The War of 1812 was a conflict fought between the United States, the United Kingdom, and their respective allies from June 1812 to February 1815. Historians in Britain often see it as a minor theatre of the Napoleonic Wars; in the United States and Canada, it is seen as a war in its own right.
From the outbreak of war with Napoleonic France, Britain had enforced a naval blockade to choke off neutral trade to France, which the US contested as illegal under international law. To man the blockade, Britain impressed American merchant sailors into the Royal Navy. Incidents such as the Chesapeake–Leopard affair inflamed anti-British sentiment in the US. In 1811, the British were in turn outraged by the Little Belt affair, in which 11 British sailors died. Britain supplied Indians who raided American settlers on the frontier, which hindered American expansion and provoked resentment. Historians debate whether the desire to annex some or all of British North America (Canada) contributed to the American decision to go to war. On June 18, 1812, US President James Madison, after heavy pressure from the War Hawks in Congress, signed the American declaration of war into law.
With most of its army in Europe fighting Napoleon, Britain adopted a defensive strategy. American prosecution of the war effort suffered from its unpopularity, especially in New England, where it was derogatorily referred to as "Mr. Madison's War". American defeats at the Siege of Detroit and the Battle of Queenston Heights thwarted attempts to seize Upper Canada, improving British morale. American attempts to invade Lower Canada and capture Montreal also failed. In 1813, the Americans won the Battle of Lake Erie, gaining control of the lake, and at the Battle of the Thames defeated Tecumseh's Confederacy, securing a primary war goal. A final American attempt to invade Canada was fought to a draw at the Battle of Lundy's Lane during the summer of 1814. At sea, the powerful Royal Navy blockaded American ports, cutting off trade and allowing the British to raid the coast at will. In 1814, one of these raids burned the capital, Washington, although the Americans later repulsed British attempts to invade New England and capture Baltimore.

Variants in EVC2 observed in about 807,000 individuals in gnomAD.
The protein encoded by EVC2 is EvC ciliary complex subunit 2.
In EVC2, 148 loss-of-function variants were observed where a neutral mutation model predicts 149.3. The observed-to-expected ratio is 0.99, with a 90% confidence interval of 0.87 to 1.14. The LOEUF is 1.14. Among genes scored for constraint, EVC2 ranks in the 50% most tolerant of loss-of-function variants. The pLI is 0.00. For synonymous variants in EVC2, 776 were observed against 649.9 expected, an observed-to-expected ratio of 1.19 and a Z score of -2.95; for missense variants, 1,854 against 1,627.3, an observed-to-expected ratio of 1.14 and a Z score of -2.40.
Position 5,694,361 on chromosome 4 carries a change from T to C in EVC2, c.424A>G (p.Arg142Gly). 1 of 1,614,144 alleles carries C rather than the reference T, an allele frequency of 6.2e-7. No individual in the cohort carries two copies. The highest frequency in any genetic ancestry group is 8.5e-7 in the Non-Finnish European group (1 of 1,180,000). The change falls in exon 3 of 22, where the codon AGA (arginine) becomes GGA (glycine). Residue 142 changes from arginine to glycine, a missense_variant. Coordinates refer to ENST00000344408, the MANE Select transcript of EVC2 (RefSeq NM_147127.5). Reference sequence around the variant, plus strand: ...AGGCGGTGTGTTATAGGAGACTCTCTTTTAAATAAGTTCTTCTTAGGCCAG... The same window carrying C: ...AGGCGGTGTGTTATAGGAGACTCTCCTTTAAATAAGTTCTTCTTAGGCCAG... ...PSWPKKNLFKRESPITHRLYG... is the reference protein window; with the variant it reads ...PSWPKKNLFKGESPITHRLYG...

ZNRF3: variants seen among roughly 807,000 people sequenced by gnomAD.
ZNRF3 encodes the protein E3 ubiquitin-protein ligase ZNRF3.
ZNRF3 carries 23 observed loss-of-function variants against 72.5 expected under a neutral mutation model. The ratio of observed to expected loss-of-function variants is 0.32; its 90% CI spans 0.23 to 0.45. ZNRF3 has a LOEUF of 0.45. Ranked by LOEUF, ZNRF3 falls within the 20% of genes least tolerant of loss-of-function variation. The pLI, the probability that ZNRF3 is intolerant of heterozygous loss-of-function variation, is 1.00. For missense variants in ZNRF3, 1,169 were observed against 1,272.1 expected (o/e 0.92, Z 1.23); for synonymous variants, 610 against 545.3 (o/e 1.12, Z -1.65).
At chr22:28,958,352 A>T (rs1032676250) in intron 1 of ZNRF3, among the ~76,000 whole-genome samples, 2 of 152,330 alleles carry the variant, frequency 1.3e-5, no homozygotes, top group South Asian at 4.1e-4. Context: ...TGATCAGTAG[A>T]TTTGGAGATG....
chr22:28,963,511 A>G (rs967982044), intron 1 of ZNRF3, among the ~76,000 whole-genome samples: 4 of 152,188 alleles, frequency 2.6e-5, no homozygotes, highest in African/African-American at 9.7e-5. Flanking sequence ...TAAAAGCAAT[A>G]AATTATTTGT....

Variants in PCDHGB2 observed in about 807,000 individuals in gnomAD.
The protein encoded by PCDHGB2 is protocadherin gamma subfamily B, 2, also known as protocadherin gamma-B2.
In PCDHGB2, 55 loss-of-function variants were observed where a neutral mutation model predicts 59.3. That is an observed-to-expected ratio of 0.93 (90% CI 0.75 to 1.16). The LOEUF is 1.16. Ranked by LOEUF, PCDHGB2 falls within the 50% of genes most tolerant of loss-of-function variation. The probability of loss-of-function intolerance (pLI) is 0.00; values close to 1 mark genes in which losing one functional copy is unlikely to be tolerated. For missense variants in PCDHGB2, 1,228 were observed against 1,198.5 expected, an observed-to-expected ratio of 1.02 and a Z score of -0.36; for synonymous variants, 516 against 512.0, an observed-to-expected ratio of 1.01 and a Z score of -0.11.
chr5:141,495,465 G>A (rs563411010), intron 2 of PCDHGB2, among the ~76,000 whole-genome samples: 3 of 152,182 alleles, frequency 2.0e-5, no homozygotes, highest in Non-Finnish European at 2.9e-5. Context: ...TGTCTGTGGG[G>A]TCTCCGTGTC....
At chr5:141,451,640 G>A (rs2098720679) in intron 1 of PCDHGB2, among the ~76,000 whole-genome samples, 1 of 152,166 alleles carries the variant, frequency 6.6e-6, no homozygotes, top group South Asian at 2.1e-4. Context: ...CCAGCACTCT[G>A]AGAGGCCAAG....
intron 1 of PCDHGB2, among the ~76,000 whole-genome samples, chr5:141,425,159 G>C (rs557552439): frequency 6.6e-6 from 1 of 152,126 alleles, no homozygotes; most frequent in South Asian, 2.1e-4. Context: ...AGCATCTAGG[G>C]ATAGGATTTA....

At home, British faced mounting opposition to wartime taxation and demands to reopen trade with America. With the abdication of Napoleon, the blockade of France ended and Britain ceased impressment, rendering the issue of the impressment of American sailors moot. The British were then able to increase the strength of the blockade on the United States coast, annihilating American maritime trade and bringing the US government near to bankruptcy. Neither side wanted to continue fighting. Peace negotiations began in August 1814 and the Treaty of Ghent was signed on December 24. News of the peace did not reach America for some time. Unaware of the treaty, British forces invaded Louisiana and were defeated at the Battle of New Orleans in January 1815. These late victories were viewed by Americans as having restored national honour, leading to the collapse of anti-war sentiment and the beginning of the Era of Good Feelings, a period of national unity. News of the treaty arrived shortly thereafter, halting military operations. The treaty was unanimously ratified by the US on February 17, 1815, ending the war with status quo ante bellum (no boundary changes).